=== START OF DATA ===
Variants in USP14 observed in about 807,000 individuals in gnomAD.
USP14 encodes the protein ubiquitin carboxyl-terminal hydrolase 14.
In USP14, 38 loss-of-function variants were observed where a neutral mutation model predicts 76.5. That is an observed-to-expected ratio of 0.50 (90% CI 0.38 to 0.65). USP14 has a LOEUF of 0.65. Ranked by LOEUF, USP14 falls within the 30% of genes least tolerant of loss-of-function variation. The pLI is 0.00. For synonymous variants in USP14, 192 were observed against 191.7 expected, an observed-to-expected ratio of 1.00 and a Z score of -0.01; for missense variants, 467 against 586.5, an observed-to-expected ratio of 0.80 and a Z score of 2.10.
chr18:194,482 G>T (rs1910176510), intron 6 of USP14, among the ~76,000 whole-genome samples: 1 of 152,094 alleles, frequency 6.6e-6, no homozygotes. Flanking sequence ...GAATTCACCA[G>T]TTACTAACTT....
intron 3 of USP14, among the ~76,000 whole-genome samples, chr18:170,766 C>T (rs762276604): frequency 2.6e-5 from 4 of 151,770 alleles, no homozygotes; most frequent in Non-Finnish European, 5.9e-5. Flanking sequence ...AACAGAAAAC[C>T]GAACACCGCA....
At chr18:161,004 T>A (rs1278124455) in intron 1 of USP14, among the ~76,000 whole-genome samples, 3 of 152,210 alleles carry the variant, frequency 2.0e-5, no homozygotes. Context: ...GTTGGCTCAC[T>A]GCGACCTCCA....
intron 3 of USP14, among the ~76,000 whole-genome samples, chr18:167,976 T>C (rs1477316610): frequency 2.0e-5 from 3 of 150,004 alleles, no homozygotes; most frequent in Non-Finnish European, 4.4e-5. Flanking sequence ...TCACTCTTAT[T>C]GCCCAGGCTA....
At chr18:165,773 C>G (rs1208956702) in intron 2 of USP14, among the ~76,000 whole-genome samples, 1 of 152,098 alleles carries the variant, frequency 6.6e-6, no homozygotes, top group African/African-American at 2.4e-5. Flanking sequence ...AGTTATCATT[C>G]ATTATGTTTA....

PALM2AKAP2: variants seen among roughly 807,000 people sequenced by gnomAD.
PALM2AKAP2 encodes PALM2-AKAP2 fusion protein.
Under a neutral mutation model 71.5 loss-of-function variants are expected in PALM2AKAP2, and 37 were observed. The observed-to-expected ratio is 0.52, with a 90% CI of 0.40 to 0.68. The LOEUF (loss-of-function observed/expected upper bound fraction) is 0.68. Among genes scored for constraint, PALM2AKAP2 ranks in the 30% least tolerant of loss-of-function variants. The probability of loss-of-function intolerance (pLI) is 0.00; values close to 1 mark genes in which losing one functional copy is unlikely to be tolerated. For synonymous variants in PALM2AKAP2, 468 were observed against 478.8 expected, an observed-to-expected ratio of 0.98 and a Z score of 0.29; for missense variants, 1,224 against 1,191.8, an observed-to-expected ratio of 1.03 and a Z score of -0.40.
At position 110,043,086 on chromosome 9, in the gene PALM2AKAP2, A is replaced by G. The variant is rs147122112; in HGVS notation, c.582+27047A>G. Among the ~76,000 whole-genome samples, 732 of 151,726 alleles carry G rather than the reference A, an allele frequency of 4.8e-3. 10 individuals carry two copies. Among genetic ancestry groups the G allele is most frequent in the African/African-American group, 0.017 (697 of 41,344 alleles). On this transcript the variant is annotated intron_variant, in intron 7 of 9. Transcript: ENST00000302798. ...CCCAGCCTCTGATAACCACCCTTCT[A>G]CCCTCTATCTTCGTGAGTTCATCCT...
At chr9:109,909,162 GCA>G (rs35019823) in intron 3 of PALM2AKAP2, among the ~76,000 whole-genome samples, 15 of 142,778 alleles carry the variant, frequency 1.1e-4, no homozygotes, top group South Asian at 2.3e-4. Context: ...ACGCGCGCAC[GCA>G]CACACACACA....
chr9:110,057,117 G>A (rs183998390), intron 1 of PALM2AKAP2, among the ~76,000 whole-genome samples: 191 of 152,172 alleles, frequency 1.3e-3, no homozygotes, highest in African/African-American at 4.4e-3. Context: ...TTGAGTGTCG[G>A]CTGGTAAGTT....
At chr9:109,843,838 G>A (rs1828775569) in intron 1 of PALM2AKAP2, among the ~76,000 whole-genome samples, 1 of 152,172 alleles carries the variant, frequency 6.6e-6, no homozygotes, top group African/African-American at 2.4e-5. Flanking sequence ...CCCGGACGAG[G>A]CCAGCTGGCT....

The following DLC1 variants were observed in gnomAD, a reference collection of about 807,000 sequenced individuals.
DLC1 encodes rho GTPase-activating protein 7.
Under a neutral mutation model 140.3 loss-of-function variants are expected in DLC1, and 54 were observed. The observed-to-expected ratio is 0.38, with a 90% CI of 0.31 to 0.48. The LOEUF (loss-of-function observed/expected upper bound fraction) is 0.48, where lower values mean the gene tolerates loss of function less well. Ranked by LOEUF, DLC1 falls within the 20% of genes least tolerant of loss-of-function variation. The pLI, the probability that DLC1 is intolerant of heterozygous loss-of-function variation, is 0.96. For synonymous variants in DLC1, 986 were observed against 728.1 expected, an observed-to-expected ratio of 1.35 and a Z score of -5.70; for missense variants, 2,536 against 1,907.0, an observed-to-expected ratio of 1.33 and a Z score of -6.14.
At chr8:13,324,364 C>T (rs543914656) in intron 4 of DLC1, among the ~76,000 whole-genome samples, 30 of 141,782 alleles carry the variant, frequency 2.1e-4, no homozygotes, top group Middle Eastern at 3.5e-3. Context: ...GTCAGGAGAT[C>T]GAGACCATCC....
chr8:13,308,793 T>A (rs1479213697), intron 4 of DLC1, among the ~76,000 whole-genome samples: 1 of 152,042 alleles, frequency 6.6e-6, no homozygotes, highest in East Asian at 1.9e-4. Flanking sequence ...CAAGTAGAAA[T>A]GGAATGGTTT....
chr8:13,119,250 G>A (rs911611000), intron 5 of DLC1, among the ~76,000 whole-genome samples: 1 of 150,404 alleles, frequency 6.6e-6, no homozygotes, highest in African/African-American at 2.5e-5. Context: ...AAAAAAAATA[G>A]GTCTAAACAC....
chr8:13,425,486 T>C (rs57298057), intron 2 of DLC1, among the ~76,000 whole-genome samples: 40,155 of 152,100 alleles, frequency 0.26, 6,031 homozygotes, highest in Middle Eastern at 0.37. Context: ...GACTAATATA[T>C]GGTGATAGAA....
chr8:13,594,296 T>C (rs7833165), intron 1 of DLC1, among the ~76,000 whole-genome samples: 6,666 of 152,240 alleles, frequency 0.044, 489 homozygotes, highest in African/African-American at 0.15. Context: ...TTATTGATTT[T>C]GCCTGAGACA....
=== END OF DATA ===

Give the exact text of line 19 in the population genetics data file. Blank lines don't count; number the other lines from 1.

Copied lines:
At chr8:13,324,364 C>T (rs543914656) in intron 4 of DLC1, among the ~76,000 whole-genome samples, 30 of 141,782 alleles carry the variant, frequency 2.1e-4, no homozygotes, top group Middle Eastern at 3.5e-3. Context: ...GTCAGGAGAT[C>T]GAGACCATCC....